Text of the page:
The Fall
A Film Directed by Tarsem Singh
Screenplay by Dan Gilroy, Nico Soultakanis and Singh
Adapted from the film Yo Ho Ho by Valeri Petrov

The title of the new film from director Tarsem Singh with a screenplay (adapted from the 1981 Bulgarian film - undistributed outside of that country - Yo Ho Ho by Valeri Petrov) by Dan Gilroy, Nico Soultanakis, and Singh, is intentionally ambiguous.

It certainly refers to the two physical falls sustained by the two principle characters. Roy Walker (Lee Pace) is a stuntman in the nascent Hollywood Film Industry of 1915, who has been partially-paralyzed in an attempt to perform a horseback leap off a railroad trestle. He is despondent over his physical condition, his loss of employment and the loss of the actress, object of his affections, to her leading man.Alexandria is the daughter of a family of eastern European migrant fruit-pickers who has fallen out of a tree and broken her collar bone. She finds her injury and the new life in the hospital while it heals a fascinating adventure.

But it also refers to the moral and spiritual "falls," as Walker, in his desperation, seeks to manipulate his trusting young friend to serve his own ends, and Alexandria finds herself falling from a state of innocence into knowledge of the darkness, duplicity and suffering in the world.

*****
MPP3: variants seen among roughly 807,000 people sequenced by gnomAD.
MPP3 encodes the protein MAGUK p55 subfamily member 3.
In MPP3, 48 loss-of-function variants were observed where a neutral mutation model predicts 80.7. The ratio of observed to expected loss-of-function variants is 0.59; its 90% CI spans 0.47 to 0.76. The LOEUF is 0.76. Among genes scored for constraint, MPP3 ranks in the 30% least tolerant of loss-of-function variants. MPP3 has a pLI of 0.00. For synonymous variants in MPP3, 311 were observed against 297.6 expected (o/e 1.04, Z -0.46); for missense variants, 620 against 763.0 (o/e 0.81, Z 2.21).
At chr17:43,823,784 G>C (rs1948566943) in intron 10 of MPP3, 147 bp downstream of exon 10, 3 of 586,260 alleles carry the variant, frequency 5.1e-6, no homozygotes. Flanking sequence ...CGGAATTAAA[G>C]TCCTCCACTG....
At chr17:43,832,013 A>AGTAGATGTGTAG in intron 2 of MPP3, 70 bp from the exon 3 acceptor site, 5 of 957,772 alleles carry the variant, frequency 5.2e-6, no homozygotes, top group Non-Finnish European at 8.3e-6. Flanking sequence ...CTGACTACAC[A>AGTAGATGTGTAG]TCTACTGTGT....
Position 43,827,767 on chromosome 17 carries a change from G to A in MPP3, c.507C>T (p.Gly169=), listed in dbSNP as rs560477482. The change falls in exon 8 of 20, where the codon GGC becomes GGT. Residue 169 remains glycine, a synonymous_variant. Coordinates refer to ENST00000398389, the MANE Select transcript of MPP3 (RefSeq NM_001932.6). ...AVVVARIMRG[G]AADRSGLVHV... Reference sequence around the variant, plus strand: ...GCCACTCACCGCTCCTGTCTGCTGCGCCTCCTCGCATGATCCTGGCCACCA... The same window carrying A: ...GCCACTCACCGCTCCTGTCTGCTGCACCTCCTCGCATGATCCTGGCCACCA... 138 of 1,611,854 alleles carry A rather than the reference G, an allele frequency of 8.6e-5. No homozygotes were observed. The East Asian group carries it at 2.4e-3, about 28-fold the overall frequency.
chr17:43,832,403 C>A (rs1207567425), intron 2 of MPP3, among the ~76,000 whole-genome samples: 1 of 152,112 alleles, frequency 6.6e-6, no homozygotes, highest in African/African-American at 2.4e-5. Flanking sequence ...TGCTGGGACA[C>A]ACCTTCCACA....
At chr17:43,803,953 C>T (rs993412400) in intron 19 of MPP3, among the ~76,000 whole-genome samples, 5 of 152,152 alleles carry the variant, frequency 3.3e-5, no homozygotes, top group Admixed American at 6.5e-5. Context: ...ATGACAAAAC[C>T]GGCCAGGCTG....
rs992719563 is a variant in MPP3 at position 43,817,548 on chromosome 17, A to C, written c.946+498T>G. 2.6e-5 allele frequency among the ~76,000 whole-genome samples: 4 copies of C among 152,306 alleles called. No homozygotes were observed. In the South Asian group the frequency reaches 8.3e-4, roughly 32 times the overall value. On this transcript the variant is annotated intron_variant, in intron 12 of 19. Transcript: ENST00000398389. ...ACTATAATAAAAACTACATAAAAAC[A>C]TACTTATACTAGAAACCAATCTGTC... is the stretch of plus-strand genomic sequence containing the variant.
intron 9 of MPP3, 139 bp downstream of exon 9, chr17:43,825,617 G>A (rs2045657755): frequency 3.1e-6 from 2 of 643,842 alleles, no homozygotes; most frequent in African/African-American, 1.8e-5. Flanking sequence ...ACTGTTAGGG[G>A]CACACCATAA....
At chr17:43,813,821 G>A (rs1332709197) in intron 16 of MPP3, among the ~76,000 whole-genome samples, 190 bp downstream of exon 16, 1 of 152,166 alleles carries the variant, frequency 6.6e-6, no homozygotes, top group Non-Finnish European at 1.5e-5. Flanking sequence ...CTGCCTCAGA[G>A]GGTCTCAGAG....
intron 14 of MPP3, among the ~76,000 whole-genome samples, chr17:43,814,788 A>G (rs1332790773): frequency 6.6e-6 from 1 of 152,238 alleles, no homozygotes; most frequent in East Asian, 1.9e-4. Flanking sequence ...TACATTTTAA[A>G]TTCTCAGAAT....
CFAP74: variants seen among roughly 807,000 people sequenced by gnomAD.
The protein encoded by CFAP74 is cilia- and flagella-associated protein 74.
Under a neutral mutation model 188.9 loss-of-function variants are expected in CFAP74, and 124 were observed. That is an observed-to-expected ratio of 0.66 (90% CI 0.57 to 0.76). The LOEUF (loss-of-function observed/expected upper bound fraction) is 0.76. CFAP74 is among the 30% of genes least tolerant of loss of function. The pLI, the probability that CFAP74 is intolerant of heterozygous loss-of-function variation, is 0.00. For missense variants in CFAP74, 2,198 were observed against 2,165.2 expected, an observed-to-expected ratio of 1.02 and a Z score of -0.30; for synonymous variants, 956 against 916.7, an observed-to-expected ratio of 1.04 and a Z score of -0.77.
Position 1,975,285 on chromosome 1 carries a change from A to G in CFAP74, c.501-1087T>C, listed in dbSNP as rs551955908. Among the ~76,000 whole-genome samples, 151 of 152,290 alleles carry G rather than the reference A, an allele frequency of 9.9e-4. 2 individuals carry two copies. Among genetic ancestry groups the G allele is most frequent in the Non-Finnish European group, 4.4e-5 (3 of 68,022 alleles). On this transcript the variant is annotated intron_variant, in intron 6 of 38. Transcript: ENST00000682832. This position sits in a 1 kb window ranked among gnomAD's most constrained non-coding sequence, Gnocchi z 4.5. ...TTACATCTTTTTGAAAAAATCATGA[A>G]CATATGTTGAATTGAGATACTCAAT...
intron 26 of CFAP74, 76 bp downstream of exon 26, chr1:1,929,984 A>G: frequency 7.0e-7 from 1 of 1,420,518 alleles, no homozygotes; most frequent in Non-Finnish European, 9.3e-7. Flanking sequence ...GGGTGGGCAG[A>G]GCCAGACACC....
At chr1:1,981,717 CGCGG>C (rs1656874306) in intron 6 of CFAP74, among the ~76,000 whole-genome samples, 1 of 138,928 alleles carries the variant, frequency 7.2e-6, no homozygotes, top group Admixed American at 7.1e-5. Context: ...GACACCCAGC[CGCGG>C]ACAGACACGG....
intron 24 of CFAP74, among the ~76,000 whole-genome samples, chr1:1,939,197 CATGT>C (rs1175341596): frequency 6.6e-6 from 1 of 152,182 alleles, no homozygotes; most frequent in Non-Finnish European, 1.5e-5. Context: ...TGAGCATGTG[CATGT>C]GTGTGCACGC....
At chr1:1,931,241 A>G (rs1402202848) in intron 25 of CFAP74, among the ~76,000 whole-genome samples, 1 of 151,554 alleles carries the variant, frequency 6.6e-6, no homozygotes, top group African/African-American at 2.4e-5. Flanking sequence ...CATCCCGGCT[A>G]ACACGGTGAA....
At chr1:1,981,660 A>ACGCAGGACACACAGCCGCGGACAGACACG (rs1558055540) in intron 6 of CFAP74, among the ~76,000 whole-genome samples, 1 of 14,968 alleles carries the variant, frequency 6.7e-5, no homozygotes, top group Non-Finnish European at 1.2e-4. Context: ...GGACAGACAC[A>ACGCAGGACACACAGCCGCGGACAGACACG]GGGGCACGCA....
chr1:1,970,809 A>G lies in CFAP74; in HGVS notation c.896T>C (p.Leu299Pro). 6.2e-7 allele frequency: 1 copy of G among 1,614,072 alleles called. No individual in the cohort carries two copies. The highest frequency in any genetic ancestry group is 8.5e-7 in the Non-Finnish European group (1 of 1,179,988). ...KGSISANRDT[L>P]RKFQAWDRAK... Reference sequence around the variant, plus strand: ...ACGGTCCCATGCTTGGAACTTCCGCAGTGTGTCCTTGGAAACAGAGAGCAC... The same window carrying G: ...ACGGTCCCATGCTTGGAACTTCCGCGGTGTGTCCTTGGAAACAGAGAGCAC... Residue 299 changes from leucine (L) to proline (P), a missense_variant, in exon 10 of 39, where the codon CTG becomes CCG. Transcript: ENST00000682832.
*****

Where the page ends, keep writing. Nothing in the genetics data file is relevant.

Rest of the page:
This is interesting stuff that approaches some very difficult and archetypal themes. Unfortunately, Singh's background (he made his reputation directing music videos) betrays him here and he short-changes these pithy concerns in favor of arresting imagery almost (as in many music viedos) for its own sake.

To win over Alexandria and convince her to do what he wants (to acquire enough morphine to commit suicide) Walker spins a fabulous tale of five heroes on a quest to destroy the evil "Governor Odious." As he tells the story, it is played out in fantasy sequences that give the director an opportunity to indulge (and over-indulge) his talent for combining exotic landscape, colorful and outlandish costume and extreme camera-work.